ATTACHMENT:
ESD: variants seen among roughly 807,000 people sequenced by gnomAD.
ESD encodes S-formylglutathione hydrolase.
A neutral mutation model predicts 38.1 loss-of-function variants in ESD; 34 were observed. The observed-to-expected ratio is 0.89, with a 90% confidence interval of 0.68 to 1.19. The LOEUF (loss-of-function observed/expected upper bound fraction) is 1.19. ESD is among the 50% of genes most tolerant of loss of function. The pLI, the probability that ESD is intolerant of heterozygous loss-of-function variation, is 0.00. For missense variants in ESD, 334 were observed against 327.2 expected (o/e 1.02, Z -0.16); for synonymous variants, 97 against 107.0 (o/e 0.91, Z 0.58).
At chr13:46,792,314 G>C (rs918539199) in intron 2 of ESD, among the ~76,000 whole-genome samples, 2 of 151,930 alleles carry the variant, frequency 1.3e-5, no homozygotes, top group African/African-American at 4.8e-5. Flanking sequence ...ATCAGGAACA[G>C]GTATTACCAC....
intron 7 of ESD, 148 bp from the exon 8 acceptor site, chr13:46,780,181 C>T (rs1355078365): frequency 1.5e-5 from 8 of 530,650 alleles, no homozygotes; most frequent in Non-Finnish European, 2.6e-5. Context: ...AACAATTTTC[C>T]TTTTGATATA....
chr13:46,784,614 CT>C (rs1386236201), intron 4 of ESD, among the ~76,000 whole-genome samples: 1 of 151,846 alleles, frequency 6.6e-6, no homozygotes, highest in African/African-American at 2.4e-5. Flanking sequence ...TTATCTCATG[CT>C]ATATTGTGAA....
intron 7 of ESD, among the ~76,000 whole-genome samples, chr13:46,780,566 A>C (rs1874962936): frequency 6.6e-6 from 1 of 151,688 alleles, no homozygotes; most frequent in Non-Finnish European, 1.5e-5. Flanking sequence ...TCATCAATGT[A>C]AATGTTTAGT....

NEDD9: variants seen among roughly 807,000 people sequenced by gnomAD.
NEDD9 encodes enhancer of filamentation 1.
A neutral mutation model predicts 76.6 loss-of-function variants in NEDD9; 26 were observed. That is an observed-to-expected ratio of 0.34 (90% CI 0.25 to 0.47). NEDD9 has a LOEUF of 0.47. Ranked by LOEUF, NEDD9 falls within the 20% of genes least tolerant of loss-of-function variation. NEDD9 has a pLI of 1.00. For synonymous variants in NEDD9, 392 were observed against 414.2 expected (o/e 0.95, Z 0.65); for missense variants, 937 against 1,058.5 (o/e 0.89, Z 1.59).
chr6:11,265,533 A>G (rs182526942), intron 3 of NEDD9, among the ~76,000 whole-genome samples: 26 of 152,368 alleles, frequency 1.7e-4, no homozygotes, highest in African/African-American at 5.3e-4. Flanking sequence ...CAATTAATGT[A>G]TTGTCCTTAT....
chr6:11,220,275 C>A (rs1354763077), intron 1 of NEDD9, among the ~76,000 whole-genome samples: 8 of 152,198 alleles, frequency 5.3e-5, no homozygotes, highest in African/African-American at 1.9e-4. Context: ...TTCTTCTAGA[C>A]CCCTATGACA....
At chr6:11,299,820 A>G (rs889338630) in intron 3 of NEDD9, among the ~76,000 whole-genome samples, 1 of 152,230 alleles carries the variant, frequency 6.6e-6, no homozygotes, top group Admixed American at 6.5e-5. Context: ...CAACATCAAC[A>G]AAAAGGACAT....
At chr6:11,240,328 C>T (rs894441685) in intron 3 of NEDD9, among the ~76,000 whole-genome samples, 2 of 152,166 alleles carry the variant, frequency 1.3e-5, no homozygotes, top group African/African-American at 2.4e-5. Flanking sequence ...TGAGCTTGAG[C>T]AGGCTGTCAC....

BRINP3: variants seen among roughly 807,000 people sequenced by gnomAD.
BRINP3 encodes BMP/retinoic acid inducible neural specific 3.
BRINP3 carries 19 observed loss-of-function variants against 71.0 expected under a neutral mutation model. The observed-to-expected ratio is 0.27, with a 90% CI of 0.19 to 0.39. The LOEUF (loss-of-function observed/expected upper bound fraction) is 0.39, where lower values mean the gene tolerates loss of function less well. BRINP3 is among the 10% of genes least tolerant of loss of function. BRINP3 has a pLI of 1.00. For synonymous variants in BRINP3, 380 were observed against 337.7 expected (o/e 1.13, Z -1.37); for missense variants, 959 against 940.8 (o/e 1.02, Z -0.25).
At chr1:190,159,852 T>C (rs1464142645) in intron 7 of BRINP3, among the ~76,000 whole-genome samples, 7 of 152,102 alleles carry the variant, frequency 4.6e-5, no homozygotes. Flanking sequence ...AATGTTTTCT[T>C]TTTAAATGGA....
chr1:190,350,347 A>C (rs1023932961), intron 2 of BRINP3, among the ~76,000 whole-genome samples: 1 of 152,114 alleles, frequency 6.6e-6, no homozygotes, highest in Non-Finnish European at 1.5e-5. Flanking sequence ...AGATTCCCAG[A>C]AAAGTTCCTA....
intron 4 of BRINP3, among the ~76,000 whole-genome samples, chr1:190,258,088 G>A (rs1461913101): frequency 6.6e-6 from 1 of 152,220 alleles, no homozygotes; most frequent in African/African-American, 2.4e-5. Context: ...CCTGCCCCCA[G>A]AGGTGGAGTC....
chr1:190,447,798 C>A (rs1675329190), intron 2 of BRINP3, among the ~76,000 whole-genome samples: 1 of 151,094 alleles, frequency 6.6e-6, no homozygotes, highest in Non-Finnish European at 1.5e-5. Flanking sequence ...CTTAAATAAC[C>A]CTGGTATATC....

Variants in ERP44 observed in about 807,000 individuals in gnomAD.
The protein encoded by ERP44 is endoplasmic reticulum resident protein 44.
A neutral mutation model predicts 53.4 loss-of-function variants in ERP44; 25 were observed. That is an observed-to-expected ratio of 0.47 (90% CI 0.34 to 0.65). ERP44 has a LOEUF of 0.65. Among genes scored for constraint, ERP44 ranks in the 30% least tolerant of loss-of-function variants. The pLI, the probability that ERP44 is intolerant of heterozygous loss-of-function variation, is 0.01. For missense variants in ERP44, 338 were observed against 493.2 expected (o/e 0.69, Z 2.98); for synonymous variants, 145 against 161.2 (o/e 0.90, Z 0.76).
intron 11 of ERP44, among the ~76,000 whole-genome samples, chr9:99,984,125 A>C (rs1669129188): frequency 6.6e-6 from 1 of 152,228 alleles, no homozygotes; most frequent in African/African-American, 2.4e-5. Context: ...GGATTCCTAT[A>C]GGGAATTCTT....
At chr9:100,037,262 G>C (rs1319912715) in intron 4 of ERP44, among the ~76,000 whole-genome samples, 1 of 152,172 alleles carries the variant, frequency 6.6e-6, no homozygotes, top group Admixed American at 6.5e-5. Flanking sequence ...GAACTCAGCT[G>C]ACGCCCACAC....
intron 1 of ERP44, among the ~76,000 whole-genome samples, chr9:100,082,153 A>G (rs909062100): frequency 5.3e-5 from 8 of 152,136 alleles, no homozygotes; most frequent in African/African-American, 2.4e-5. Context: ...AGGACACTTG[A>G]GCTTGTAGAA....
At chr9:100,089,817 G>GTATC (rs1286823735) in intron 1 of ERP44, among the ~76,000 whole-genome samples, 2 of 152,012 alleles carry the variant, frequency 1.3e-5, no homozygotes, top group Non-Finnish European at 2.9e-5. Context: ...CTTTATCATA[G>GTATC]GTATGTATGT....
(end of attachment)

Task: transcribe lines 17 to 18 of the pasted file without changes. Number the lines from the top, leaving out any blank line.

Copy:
BRINP3 carries 19 observed loss-of-function variants against 71.0 expected under a neutral mutation model. The observed-to-expected ratio is 0.27, with a 90% CI of 0.19 to 0.39. The LOEUF (loss-of-function observed/expected upper bound fraction) is 0.39, where lower values mean the gene tolerates loss of function less well. BRINP3 is among the 10% of genes least tolerant of loss of function. BRINP3 has a pLI of 1.00. For synonymous variants in BRINP3, 380 were observed against 337.7 expected (o/e 1.13, Z -1.37); for missense variants, 959 against 940.8 (o/e 1.02, Z -0.25).
At chr1:190,159,852 T>C (rs1464142645) in intron 7 of BRINP3, among the ~76,000 whole-genome samples, 7 of 152,102 alleles carry the variant, frequency 4.6e-5, no homozygotes. Flanking sequence ...AATGTTTTCT[T>C]TTTAAATGGA....